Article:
However, with a reasonable attitude PC might render additional aid to the fight for equal gender rights. Notorious are gender-related traditions existing in some Islamic countries. Among them are forced marriages of pre-teenage girls, complete dependence on spouses’ consent in matters of obtaining education and getting a job, professional gender segregation, non-admission to high governmental ranks, right granted to husband for domestic violence, horrible practice of murders for honor, etc. Comparing historical evidence with the present time situation, Wright and Rogers maintain that “in some societies at some points in history, women were virtually the slaves of men, completely disempowered and vulnerable” and continue by claiming that “in some contemporary societies they must cover their faces in public and cannot appear outside of the home without being accompanied by an appropriate man” (Wright & Rogers, 2010). What can be done if the legislation – Sharia – presupposes fundamental differences connected with the roles of men and women as for rights and obligations? These discrepancies are found in marriage and divorce issues, legal position, clothing and education, thus embracing practically all possible spheres where gender inequality is traceable. Centuries-long traditions cannot be changed, and it means that it is an issue of attitude. The task of the international community is not to remain silent observers of extreme cruelty cases and outrageous breech of women’s rights.
Deemed as weaker sex, women are often subjects to domestic violence. Mostly, they are assaulted because the men are sure they would not show resistance and in aftermath would be too uncomfortable and scared to share their situation with anyone. There is a powerful movement against domestic violence, all the victims of it may come to group sessions and communicate with other women, which makes the awful burden easier to bear. Moreover, women are encouraged not to be afraid to address the police or relevant organizations. Human trafficking is also a social vice mostly directed at women. Everyone may contribute to fight against these evils; one should simply be more attentive to what happens around and show some initiative. Victims of cruelty should also change their attitude towards themselves and the assaulters. Refusal from some gender stereotypes might also be of help when dealing with everyday aspect of gender gap.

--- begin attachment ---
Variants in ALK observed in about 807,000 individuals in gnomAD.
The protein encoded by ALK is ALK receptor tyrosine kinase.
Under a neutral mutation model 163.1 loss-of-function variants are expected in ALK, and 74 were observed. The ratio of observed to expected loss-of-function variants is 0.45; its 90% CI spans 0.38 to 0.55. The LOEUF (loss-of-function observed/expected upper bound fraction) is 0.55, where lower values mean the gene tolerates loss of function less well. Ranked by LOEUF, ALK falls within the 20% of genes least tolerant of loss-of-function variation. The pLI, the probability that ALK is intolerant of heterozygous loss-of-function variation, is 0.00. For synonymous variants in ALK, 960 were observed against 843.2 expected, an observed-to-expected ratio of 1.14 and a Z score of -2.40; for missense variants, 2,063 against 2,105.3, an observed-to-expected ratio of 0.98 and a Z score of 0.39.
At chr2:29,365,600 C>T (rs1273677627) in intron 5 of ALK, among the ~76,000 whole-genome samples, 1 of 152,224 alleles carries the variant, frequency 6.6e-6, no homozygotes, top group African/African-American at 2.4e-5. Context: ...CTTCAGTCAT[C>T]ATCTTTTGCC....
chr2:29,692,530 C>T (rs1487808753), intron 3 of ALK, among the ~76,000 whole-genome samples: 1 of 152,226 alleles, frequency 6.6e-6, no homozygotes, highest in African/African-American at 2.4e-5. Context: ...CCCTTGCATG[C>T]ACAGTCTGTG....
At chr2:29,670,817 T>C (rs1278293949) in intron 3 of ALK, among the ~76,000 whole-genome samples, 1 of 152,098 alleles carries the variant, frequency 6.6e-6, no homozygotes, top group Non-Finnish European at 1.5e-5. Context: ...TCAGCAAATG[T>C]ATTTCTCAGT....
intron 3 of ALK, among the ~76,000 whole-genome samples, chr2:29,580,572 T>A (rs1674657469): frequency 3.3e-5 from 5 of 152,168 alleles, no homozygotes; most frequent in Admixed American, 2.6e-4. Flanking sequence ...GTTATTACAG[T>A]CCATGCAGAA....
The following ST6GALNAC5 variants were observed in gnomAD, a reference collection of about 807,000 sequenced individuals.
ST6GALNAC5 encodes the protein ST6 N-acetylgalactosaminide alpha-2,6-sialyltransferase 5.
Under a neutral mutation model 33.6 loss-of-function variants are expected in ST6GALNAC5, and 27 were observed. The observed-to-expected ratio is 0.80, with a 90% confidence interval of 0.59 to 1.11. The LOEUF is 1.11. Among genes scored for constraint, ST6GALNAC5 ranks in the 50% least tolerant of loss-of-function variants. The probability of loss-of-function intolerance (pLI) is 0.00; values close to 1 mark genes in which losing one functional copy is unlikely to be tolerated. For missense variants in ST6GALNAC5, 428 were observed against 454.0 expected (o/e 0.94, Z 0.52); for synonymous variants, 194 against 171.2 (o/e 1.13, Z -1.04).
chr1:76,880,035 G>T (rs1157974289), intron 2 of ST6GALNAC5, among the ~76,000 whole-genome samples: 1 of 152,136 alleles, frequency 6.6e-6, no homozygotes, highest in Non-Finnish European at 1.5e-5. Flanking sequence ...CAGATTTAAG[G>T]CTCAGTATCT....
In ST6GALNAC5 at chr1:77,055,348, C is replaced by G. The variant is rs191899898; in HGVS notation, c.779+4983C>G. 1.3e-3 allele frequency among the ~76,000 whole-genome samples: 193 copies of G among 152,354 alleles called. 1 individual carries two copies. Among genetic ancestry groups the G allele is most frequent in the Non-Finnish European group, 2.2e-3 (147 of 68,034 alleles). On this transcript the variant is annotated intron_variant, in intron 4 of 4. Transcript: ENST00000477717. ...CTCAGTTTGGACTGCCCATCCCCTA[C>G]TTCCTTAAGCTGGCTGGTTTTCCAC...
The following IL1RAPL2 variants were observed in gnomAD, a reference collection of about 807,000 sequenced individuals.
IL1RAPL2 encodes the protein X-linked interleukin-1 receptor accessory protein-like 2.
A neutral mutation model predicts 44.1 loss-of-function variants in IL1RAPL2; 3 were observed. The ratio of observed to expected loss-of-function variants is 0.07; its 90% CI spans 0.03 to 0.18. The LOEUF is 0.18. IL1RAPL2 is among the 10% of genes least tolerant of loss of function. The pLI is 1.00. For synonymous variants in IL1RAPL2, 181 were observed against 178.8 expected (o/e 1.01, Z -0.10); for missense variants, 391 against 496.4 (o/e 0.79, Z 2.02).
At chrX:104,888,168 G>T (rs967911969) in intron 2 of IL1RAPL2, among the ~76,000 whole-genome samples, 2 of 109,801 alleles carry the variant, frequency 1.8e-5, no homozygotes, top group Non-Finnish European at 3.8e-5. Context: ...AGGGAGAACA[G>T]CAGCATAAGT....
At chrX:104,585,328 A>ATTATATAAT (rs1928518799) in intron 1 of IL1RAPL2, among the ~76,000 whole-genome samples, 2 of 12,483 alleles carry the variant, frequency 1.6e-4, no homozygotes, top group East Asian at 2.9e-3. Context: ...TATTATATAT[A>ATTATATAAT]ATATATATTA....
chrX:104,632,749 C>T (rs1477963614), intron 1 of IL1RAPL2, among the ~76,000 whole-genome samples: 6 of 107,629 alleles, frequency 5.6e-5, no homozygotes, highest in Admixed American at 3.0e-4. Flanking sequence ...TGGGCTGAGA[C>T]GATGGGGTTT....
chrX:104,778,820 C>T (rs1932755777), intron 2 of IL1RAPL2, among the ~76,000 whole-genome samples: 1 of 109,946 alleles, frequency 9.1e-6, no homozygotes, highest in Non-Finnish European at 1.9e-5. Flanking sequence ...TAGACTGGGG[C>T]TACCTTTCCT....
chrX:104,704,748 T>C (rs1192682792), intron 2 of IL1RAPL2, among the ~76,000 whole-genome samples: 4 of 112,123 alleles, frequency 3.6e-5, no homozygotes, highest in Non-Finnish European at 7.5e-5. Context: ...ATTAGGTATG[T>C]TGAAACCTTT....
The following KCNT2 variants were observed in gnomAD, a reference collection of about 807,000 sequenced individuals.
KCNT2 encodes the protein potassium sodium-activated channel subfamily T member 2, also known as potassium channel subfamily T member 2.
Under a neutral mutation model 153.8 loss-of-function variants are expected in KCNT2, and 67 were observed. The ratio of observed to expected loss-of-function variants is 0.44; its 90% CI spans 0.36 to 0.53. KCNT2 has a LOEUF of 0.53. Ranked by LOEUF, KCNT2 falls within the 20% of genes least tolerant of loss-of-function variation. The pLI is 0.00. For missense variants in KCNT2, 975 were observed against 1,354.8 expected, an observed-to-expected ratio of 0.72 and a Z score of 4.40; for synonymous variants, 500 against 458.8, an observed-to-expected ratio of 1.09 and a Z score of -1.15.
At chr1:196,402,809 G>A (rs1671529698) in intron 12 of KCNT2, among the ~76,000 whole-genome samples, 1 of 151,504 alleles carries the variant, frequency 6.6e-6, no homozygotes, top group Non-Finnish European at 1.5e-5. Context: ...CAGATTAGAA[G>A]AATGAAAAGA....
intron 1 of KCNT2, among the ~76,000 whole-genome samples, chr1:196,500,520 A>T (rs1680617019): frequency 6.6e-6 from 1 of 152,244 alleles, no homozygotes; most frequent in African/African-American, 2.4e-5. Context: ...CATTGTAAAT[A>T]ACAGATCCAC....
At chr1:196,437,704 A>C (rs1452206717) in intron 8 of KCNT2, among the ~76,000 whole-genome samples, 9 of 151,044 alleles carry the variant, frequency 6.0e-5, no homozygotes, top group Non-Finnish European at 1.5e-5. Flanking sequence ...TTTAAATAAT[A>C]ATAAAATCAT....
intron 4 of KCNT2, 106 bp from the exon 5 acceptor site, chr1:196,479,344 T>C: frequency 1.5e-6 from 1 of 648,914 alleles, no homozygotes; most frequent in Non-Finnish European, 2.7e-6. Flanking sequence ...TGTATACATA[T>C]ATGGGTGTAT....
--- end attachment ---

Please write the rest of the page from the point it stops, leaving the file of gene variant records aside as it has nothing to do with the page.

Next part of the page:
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One-gender approach would also be a biased one. Although there is more evidence supporting the idea that mostly women suffer from unfair treatment due to their gender, men cannot be excluded from the gender gap landscape. Thus, Michael S. Kimmel, Professor of Sociology from New York in his lecture prepared for the occasion of International Women’s Day Seminar at European Parliament (Brussels, Belgium) suggests that males should also contribute to maintenance of gender equality and eliminate the cases of unfair treatment towards either of genders. In his speech he emphasizes gender stereotypes common for all men and encourages them to accept the transforming world without harm to their image of masculinity (Kimmel, 2001). The scholar refers to the great progress achieved by women fighting for their rights and does not eliminate the possibility of gender role changes caused by this development. In Europe, for example, extended paternity leave is becoming a common practice. And for fathers who stay at home with their babies there is nothing humiliating in it. On the contrary, men tend to spend so little time with their families lately, that paternity leave becomes a kind of historical compensation for the lack of communication with children. Discussing new types of gender relations in modern life, Sandy Ruxton points out that a lot of men, and especially those who belong to the groups in certain societies characterized by dominant and supreme character persist in holding power over and deriving services from women, which makes them resistant to advances towards gender equality. But the author suggest that there also exist other types of men who transcend the stereotypical ideas of masculinity and rigid, inflexible gender stratifications and who feel more open to the idea of supporting gender equality. The fact that the concept of gender equality in all its facets starts to find more and more support among men proves that this problem is really important and that elimination of inequality must be a process implemented in tight collaboration of representatives of both genders.
A successful gender equality activist Saadia Zahidi (whose official position is Senior Director, Head of the World Economic Forum’s Women Leaders and Gender Parity Program) suggests the ways of overcoming gender inequality, giving economy-related examples that stress counter-productivity of gender gap within an enterprise. According to her, empiric data on the international level shows that “countries that invest in girls and integrate women into the workforce tend to be more competitive” (Zahidi, 2012). Although, she maintains that general approach to hiring and keeping female staff members has not yet become enrooted in companies’ policy. Implying the great accomplishments made in the relevant sphere, the official states that all the new domains where gender equality should be introduced must be conquered gradually, literally “one case at a time”.
Taking all the above-mentioned into consideration, one may assume with conviction that gender inequality does exist and offers great difficulties to the development of society. In order to overcome this unpleasant phenomenon all the countries need to become more tolerant and take more action, for ignoring the problem and escaping it will not bring any results. Gender stereotypes should be eradicated as well, which is, probably, the most difficult task of all, as they involve culture and traditions. The social harm of gender inequality also has economical consequences. It allows concluding that this phenomenon hinders the general progress, thus it should be eliminated.